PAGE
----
If the government was to say that waste was the focus of a new fiscal policy, many would rubbish the comments. But what if looking at waste in a new way could create jobs, reduce our trade deficit, and improve our environment? Well, that’s exactly the point of a circular economy.

The term “circular economy” has been around for quite some time now, particular in the waste and resource recovery sectors but for many it’s still a foreign concept.

For those unfamiliar with it, the basic principal of a circular economy is that used products and materials can be introduced back into the system to become the resources for new products and services. This improves the way we use our resources, making us more resource efficient. But it also delivers more than that; the circular economy also provides resource sufficiency.

Resource sufficiency is where there are enough resources for a system to work, be that an individual to thrive, a business to produce or a city to support its people. By its very nature, the circular economy reduces the reliance on imported raw materials by ensuring that used products from one local industry become the raw materials of another, thereby making economies more resilient and self- sufficient. This can be on a national scale or even on a local level. This not only improves our efficiency but also make us more resilient and less vulnerable to changes in overseas recycling markets.

In March the Welsh government launched a GBP6.5M fund to help in the development of a circular economy within its borders. This follows the successful launch of an GBP18M fund in Scotland a year earlier.

On top of this, Scotland has also launched the Scottish Institute for Remanufacture a “centre of excellence to increase innovation in manufacturing” and the Edinburgh Remakery, a hub to learn, fix and to buy products.

Both these governments have recognised the importance of supporting and developing a circular economy for both their country and their citizens. They’ve recognised that applying circular economy principals not only brings environmental benefits but financial and social ones too, through the creation of new jobs and access to resources that were previously imported from other countries. Such as REFORGE which is locally upcycling plastic bottles through 3D printing.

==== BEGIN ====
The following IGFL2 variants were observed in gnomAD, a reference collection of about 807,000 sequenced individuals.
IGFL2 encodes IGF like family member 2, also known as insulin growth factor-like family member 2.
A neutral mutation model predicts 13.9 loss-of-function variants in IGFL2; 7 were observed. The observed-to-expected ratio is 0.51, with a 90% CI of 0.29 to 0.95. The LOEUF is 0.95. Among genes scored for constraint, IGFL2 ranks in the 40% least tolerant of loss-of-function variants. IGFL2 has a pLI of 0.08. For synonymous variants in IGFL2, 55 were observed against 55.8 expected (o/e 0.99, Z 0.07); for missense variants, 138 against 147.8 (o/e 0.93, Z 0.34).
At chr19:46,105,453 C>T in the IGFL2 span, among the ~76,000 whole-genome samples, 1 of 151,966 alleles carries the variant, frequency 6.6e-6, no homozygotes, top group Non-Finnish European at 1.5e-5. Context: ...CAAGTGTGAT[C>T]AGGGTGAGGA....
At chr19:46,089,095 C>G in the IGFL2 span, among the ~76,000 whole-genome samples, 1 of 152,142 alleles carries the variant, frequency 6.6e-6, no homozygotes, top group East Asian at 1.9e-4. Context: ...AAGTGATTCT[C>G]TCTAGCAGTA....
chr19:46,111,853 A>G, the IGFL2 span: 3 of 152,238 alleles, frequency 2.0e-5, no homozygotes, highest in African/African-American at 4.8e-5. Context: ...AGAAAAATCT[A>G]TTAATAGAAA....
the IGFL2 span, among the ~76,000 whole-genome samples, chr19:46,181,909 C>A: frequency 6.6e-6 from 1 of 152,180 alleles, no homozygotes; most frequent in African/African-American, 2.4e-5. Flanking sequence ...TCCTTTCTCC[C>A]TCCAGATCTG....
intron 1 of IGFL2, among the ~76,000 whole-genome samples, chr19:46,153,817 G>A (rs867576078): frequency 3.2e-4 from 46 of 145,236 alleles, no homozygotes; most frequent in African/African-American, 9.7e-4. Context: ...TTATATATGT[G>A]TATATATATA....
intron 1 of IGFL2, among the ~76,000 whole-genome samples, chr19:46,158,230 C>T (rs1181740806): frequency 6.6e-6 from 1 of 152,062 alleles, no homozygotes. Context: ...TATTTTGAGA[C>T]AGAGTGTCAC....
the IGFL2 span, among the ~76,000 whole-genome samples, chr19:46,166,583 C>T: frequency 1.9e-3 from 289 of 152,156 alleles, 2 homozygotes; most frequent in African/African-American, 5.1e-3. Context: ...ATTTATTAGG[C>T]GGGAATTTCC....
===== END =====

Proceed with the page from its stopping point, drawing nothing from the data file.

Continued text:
This is a powerful concept for a country to develop, especially island countries such as New Zealand.

Currently most of our unwanted products are shipped overseas for recycling or sent to landfill. But what if we could become resource sufficient? Use these unwanted products to be the resources for new products and service. Reduce our reliance on importing raw materials. That could provide new jobs within the country, improve our economy and benefit the environment.

Striving to support a circular economy is not just limited to countries; cities are realising they too have an important role to play. Some are taking leadership roles.

In the same month that Wales launched its fund, London announced a GBP50 million plan to accelerate the development of its circular economy. Other cities such as Copenhagen, New York, Vancouver and Rio De Janeriro are also embracing and promoting the principals of a circular economy.

These cities have realised the benefits a circular economy can bring and in some ways it’s easier to do this at a local level than nationally.

I think our cities can do the same. Becoming resource sufficient would improve our resilience, create jobs and reduce our impact on the environment.

For a country, where over the past few years, our resilience has been truly tested, should we not be doing everything we can to improve this?

So, my question to you is which city is going to be first in New Zealand to recognise this opportunity and embrace the circular economy?

By Darren Patterson